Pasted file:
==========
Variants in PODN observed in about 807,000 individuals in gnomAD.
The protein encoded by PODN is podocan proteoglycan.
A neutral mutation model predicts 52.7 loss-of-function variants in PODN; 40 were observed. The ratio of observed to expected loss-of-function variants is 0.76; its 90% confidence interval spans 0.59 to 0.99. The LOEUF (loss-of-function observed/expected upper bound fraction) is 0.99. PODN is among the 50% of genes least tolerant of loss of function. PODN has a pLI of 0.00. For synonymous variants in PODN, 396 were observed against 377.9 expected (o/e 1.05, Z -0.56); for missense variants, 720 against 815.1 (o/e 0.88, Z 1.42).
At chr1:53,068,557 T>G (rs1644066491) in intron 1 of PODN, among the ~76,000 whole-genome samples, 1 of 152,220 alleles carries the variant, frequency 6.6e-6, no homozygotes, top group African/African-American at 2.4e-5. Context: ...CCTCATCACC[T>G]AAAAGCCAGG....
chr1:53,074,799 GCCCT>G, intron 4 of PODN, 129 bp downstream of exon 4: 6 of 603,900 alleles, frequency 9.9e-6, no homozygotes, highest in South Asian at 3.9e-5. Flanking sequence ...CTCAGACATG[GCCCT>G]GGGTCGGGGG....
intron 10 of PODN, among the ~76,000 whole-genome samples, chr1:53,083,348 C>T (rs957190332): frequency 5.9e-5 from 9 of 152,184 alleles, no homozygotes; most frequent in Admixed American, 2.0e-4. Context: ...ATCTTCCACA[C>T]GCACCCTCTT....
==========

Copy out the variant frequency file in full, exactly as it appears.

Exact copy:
Variants in PODN observed in about 807,000 individuals in gnomAD.
The protein encoded by PODN is podocan proteoglycan.
A neutral mutation model predicts 52.7 loss-of-function variants in PODN; 40 were observed. The ratio of observed to expected loss-of-function variants is 0.76; its 90% confidence interval spans 0.59 to 0.99. The LOEUF (loss-of-function observed/expected upper bound fraction) is 0.99. PODN is among the 50% of genes least tolerant of loss of function. PODN has a pLI of 0.00. For synonymous variants in PODN, 396 were observed against 377.9 expected (o/e 1.05, Z -0.56); for missense variants, 720 against 815.1 (o/e 0.88, Z 1.42).
At chr1:53,068,557 T>G (rs1644066491) in intron 1 of PODN, among the ~76,000 whole-genome samples, 1 of 152,220 alleles carries the variant, frequency 6.6e-6, no homozygotes, top group African/African-American at 2.4e-5. Context: ...CCTCATCACC[T>G]AAAAGCCAGG....
chr1:53,074,799 GCCCT>G, intron 4 of PODN, 129 bp downstream of exon 4: 6 of 603,900 alleles, frequency 9.9e-6, no homozygotes, highest in South Asian at 3.9e-5. Flanking sequence ...CTCAGACATG[GCCCT>G]GGGTCGGGGG....
intron 10 of PODN, among the ~76,000 whole-genome samples, chr1:53,083,348 C>T (rs957190332): frequency 5.9e-5 from 9 of 152,184 alleles, no homozygotes; most frequent in Admixed American, 2.0e-4. Context: ...ATCTTCCACA[C>T]GCACCCTCTT....